Local health Trusts are once again targeting families this year in a major drive to protect them from flu.
The campaign, running across East Lancashire, is urging parents/guardians/carers to vaccinate their children against flu.
The vaccination not only protects the child, more importantly it helps stop the spread of the illness especially to those older members of the family such as grandparents. It can cause severe illness and even death among vulnerable groups including older people, pregnant women and people with an underlying health condition.
Dr David White, a Burnley GP and clinical lead at NHS East Lancashire CCG, said: “Parents are concerned about safety and don’t see the need for the vaccine if their child is well, often not even giving it a second thought. The vaccine is free, safe and painless.
“We also know that some Muslim families are concerned about the fact the vaccine contains highly purified pork gelatine which is used to stabilise the live viral vaccine, but scientific tests show that it doesn’t contain any detectable DNA from pigs. This analysis indicates that the gelatine is so degraded that the original source cannot be identified.
“The decision to have your child vaccinated against flu is yours of course, but we would like you to be fully informed of the advantages and disadvantages before making your decision once again this year.”
Flu is a disease which spreads very rapidly and can be very unpleasant in babies and children - some can develop a very high fever or even serious complications of flu such as bronchitis, pneumonia, middle ear infection, meningitis, encephalitis and very occasionally a child may die from flu.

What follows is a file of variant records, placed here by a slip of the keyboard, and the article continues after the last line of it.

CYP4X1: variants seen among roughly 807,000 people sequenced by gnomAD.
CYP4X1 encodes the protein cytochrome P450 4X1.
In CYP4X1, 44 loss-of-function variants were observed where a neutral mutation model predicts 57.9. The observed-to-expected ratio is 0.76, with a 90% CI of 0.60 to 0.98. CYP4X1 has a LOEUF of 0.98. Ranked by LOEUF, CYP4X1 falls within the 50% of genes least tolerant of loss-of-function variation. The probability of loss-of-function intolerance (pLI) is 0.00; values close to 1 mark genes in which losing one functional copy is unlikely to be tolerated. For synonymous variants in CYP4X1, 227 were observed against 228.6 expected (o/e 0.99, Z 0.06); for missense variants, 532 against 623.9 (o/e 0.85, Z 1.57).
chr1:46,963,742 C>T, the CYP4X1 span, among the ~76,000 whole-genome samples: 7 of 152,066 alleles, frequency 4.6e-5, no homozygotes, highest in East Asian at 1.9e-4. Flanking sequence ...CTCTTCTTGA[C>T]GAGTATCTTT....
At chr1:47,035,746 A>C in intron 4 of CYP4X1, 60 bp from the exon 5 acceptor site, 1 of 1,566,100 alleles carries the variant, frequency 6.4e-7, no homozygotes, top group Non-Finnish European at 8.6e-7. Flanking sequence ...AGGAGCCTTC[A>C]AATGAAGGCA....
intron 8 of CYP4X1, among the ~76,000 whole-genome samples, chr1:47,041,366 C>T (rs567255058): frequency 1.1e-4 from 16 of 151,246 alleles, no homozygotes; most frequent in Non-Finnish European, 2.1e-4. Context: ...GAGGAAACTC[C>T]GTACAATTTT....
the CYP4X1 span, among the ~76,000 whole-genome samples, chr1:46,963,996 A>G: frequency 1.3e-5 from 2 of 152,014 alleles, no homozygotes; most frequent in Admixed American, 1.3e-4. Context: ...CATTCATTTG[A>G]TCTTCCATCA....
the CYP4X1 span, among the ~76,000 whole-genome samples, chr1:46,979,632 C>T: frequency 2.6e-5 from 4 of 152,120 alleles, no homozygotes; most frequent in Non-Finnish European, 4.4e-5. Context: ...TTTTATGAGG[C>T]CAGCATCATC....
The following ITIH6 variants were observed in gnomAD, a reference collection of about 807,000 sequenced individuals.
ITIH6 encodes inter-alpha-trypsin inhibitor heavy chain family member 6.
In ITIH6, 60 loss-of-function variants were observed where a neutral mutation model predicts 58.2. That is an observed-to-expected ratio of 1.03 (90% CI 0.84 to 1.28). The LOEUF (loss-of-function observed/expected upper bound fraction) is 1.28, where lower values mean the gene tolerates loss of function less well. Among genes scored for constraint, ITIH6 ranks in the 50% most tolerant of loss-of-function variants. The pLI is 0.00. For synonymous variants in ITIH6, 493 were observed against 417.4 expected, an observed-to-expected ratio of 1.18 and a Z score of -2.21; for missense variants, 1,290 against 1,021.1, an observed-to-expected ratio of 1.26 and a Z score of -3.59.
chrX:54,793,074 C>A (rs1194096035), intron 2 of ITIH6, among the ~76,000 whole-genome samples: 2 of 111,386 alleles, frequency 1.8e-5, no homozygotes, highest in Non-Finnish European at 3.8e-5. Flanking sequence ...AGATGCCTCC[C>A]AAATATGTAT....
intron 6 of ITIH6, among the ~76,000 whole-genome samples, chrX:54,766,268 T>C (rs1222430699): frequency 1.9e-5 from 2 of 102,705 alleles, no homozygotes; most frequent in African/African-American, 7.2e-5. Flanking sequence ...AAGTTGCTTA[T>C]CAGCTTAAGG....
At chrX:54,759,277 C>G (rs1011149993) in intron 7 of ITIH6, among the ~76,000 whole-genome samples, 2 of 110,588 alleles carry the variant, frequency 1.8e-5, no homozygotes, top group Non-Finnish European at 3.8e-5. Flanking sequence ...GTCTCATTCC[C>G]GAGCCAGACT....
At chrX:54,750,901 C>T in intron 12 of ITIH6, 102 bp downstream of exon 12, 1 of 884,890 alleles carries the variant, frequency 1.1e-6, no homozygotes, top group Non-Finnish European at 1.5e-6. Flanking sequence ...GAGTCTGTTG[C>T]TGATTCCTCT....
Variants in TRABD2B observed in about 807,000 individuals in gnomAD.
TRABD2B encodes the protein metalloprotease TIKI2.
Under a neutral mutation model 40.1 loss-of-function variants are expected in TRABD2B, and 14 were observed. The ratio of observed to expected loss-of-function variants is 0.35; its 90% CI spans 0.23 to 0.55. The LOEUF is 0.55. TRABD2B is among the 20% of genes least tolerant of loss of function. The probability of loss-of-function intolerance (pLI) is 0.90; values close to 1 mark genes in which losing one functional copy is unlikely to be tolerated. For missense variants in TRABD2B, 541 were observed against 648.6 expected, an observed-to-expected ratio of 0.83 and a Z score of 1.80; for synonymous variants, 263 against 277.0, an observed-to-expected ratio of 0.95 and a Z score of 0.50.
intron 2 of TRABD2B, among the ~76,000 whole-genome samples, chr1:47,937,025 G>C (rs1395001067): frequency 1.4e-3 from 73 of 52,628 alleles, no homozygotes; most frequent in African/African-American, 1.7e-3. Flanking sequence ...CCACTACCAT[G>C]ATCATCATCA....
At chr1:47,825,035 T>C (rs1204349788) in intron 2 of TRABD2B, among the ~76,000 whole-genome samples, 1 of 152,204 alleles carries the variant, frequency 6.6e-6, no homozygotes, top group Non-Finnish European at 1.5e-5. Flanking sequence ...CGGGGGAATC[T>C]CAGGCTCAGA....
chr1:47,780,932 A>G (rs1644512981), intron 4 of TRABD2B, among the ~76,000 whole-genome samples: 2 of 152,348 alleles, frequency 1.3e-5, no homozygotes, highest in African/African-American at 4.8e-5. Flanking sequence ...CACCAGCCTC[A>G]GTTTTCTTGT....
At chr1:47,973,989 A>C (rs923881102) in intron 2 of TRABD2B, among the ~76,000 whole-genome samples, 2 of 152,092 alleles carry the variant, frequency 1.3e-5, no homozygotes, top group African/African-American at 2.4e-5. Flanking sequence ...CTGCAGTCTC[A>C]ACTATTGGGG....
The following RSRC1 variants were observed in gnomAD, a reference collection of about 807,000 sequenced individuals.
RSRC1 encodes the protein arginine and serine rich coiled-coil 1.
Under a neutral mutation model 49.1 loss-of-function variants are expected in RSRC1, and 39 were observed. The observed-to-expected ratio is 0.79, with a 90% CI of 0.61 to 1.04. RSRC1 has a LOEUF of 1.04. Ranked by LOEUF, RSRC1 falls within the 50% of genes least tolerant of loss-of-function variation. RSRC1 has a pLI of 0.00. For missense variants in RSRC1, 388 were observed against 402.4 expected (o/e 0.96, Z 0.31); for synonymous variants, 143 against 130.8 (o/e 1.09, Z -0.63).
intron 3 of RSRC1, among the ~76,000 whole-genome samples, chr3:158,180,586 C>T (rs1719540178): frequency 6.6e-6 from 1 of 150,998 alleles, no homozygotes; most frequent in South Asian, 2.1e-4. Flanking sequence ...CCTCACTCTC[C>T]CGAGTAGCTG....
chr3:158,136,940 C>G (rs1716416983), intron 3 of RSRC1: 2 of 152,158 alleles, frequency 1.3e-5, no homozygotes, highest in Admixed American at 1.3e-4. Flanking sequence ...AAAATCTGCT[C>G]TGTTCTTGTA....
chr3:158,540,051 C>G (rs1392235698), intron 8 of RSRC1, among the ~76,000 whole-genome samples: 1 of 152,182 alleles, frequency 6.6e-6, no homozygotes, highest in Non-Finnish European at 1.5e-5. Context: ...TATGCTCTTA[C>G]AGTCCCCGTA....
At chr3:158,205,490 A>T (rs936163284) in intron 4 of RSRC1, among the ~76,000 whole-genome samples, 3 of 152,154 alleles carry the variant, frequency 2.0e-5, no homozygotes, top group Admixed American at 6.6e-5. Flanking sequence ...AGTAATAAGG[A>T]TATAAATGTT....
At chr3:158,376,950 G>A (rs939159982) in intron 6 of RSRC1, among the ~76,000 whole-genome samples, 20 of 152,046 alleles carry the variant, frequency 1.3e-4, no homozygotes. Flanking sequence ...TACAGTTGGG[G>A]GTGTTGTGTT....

So even if your child is healthy, offering them the vaccination can protect them against this illness. But it can also reduce the spread of flu and help protect the whole population. Children are germ carriers and can easily pass the illness on to older and more poorly members of the family.
For children, the NHS use the nasal spray vaccine because it protects them better, for longer, and is easier and more comfortable for children than the injection.The flu virus enters the body through the nose and mouth so the vaccination spray is given through the nose so it mimics the flu virus and results in a better immune response than an injected vaccine.
Currently the vaccine is available free on the NHS for eligible children, including:
Children aged two and three on 31 August, 2018 – that is, children born between 1 September, 2014 and 31 August, 2016
Primary school children in reception class and school years one, two, three and four and five (up to age 9)
Children aged 2 to 17 with long-term health conditions i.e. diabetes or asthma
If your child is aged two or three, please contact your GP to book your appointment and if your child is aged between four and nine, please ensure you sign the consent form which will be sent to you from school. Those with asthma or long term condition should automatically be contacted by GP.
If you want more information about when and how your child will be vaccinated against flu, talk to the GP, practice nurse or your child's school nurse. Information can also be found online at https://www.nhs.uk/conditions/vaccinations/child-flu-vaccine/